By Ricky Zililo
Mighty Warriors coach Sithethelelwe Sibanda believes exposing Zimbabwe players to international competition will help them develop into good athletes.
Zimbabwe lost 1-2 to South Africa in the final of the Cosafa Women’s Championship played before a capacity crowd at Barbourfields Stadium on Sunday.
Zimbabwe conceded goals at crucial times, first going down to a 45th minute strike by player of the tournament Chrestinah Kgatlana.
They lacked mental strength to hold on for a draw and force the game into extra time after equalising in the second half and were hit by a 90th minute winner by Leandra Wiloma Smeda.
Instead of closing shop, the Mighty Warriors were carried away by their 73rd minute equaliser by Rutendo Makore and pressed for a winner by throwing bodies forward.
They were, however, caught on the counter in the 90th minute to end their dream of retaining the title they first won in 2011, the last time the tournament was held until its return this year.
“At times this mental strength thing is not developed from nowhere, at times lack of international matches where you get used to such situations is very important.
“This match (the final) isn’t just like any other match, it’s not like playing club football, it’s an international match where real mental strength is needed.
“I’ll say in future, getting our players involved in international matches will develop their mental strength. We mustn’t just prepare for a specific tournament and disband only to regroup for the next tournament, we must keep these girls active. Getting international exposure will improve lots of things, including match fitness,” said Sibanda.
She also heaped praises to her charges.
“Our players put up a splendid performance. We might have struggled in the group stages, but as the tournament progressed they were playing very well, developing those combinations. New players also gelled in well and everyone played their hearts out. If we keep this team together, I’m sure they’re going to do very well,” said Sibanda.
What the country needs now is a vibrant women’s league that will be visible from cluster to national level.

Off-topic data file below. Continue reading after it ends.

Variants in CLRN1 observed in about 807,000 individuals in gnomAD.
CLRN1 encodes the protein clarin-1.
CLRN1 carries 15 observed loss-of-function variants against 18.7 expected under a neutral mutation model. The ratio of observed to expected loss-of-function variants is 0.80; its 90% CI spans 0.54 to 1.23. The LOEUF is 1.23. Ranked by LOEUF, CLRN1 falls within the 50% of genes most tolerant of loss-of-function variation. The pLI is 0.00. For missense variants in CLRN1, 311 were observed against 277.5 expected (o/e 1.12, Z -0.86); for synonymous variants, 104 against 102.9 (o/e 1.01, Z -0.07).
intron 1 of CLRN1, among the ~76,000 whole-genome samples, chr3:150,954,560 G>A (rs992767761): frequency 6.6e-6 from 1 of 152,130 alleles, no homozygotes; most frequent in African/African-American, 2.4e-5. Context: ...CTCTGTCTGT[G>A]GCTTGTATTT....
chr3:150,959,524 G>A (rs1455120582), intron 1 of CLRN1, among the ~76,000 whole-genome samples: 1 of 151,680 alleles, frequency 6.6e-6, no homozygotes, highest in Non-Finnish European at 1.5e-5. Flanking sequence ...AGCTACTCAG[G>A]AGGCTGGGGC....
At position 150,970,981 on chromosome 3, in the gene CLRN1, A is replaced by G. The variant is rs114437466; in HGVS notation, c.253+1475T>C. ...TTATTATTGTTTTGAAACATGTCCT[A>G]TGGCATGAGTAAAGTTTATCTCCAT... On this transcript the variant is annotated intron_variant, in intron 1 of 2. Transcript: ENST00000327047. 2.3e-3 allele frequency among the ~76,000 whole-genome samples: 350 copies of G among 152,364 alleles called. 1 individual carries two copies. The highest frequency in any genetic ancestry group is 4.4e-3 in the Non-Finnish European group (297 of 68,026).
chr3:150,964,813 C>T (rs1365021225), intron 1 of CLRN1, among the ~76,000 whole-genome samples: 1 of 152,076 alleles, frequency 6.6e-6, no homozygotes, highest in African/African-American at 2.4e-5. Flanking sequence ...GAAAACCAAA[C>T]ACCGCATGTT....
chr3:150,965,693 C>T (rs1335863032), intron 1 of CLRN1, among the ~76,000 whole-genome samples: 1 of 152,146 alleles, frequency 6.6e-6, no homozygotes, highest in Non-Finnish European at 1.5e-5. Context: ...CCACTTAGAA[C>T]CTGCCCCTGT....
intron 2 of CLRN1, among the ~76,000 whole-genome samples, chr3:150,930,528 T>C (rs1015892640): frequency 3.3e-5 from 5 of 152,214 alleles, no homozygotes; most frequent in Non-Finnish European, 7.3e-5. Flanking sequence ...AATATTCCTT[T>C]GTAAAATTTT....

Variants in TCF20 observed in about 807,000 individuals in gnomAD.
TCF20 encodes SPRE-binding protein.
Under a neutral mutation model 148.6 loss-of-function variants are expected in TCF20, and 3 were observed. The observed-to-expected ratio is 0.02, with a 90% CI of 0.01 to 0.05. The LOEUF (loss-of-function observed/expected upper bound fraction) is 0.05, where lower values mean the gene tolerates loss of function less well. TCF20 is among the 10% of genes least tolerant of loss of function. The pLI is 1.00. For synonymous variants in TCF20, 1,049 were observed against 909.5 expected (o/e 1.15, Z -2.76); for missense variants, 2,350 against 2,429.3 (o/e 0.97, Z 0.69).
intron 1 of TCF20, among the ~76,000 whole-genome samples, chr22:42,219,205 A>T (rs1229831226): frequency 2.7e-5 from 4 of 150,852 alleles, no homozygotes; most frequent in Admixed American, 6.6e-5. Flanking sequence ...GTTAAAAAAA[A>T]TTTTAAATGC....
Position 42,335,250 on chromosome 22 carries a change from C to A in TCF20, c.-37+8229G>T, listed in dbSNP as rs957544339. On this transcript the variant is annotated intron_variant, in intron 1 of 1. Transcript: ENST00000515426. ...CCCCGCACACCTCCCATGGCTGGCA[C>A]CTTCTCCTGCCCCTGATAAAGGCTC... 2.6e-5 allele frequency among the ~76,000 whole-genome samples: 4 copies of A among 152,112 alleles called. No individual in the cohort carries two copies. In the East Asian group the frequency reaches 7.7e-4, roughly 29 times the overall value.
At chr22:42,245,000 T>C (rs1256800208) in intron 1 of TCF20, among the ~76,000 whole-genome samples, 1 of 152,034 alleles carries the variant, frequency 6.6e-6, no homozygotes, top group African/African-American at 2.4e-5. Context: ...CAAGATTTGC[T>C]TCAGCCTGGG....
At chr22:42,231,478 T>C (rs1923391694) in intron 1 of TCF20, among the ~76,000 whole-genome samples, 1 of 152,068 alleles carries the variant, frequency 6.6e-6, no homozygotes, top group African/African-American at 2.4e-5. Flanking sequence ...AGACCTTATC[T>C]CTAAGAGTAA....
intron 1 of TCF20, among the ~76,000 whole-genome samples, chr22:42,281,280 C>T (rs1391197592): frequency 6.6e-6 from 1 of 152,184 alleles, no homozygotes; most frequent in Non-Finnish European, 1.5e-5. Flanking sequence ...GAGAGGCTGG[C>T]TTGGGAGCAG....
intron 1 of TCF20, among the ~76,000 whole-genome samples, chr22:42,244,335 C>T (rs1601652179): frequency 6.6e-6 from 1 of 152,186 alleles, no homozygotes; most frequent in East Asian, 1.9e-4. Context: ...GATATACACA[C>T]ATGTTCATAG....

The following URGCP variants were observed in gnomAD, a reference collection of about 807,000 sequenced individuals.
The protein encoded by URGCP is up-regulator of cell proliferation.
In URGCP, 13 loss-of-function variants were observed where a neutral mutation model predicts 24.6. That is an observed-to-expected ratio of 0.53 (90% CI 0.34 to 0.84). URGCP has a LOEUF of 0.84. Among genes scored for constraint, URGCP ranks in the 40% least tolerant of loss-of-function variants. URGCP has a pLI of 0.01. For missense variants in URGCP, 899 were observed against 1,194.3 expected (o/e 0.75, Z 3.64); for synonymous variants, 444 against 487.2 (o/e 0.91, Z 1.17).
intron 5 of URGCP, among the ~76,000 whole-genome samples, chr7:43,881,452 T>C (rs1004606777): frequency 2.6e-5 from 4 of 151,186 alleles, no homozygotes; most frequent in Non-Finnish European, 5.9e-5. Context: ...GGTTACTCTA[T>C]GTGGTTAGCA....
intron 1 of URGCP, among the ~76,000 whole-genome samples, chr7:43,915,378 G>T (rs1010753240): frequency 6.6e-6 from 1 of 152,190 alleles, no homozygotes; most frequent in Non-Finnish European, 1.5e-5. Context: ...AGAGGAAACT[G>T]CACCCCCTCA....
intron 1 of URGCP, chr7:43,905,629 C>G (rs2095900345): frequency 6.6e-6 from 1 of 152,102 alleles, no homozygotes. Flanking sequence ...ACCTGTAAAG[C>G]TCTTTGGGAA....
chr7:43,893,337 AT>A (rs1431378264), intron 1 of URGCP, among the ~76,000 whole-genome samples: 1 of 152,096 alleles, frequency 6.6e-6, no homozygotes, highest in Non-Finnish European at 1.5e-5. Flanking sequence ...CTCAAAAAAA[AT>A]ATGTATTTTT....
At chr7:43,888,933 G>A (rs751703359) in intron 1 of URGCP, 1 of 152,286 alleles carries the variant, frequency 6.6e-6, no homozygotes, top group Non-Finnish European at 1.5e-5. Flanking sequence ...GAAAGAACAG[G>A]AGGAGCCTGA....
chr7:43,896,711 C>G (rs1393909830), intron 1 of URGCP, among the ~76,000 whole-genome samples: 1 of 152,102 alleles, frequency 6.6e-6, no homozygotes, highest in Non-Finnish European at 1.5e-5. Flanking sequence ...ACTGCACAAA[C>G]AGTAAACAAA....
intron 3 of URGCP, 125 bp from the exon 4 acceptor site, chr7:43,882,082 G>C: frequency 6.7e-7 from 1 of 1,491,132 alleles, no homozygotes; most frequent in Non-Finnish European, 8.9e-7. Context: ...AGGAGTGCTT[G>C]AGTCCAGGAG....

A clear system of identifying, nurturing and tracking talent is needed to develop players and ensure they can compete against the best on the continent.
Despite falling to South Africa, the Mighty Warriors’ performances earned respect from the four-time Cosafa Women’s Cup champions’ coach Desiree Ellis.
The Banyana coach noted that football had improved in Southern Africa.
“I think the Cosafa tournament has proved that it’s growing. I was impressed with Malawi, I was impressed with Madagascar as well. It (Cosafa) can only do well for the Southern African side of the continent to prepare teams going into other competitions like qualifying for the Afcon. I think Zimbabwe and us proved that. We went to the Olympics where we faced tough opponents.
“I think by having this tournament and having it regularly can only improve football and improve teams in essence. It’s a fantastic initiative to have 12 teams, not eight, like we had before,” said Ellis.
The Cosafa Women’s Championship technical study group (TSG) noted that women’s football in the region had improved, with a sizable number of countries relying on team work more than individual talent.
Local coaches, Try Ncube and Thulani Sibanda were roped into the Cosafa Women’s Championship TSG led by Fifa and Caf instructors.
The duo was part of the TSG led by Fifa instructor and former Namibia national women’s team coach Jacqueline Chipanga and South African Caf instructor Zunaig Mall. The Chronicle